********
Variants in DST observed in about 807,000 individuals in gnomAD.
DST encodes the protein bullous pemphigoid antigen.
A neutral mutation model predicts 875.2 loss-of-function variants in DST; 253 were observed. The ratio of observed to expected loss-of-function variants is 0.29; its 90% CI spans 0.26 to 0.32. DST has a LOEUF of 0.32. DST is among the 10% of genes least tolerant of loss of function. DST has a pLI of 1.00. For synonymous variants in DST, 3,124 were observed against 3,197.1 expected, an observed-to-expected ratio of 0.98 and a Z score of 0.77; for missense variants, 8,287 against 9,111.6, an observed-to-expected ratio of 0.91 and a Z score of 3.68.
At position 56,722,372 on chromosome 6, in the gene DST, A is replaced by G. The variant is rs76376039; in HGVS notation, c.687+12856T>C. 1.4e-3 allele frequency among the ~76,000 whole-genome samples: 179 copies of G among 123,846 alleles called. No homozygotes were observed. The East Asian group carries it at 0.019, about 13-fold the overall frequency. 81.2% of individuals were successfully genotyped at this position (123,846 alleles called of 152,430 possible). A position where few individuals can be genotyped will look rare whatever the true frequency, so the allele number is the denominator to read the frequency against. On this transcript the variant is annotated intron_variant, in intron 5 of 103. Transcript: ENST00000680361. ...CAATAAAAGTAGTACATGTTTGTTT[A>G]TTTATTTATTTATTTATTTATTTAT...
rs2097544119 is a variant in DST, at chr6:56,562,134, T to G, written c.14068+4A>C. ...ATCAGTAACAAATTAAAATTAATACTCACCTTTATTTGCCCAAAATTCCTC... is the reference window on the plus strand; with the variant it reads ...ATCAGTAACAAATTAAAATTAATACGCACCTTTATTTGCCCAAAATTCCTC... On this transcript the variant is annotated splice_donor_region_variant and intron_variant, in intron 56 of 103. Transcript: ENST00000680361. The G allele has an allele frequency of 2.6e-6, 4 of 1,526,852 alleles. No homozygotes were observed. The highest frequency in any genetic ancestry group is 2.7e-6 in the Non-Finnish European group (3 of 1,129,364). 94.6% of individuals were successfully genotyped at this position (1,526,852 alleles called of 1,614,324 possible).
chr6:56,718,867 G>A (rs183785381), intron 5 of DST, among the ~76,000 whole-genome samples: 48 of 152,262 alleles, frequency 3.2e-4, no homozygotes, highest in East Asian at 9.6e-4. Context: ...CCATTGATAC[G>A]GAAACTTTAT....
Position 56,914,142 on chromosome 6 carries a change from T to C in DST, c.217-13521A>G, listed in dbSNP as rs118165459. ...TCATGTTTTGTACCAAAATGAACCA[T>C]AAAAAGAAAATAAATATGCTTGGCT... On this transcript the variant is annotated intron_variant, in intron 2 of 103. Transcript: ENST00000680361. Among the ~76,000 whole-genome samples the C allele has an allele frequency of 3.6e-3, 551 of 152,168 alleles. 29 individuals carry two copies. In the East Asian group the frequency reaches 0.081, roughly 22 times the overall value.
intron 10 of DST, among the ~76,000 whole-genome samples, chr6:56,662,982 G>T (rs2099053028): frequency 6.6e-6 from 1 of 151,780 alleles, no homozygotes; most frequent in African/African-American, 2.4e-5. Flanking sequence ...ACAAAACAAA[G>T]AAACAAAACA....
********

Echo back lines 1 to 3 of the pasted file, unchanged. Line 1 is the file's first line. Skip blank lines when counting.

Variants in DST observed in about 807,000 individuals in gnomAD.
DST encodes the protein bullous pemphigoid antigen.
A neutral mutation model predicts 875.2 loss-of-function variants in DST; 253 were observed. The ratio of observed to expected loss-of-function variants is 0.29; its 90% CI spans 0.26 to 0.32. DST has a LOEUF of 0.32. DST is among the 10% of genes least tolerant of loss of function. DST has a pLI of 1.00. For synonymous variants in DST, 3,124 were observed against 3,197.1 expected, an observed-to-expected ratio of 0.98 and a Z score of 0.77; for missense variants, 8,287 against 9,111.6, an observed-to-expected ratio of 0.91 and a Z score of 3.68.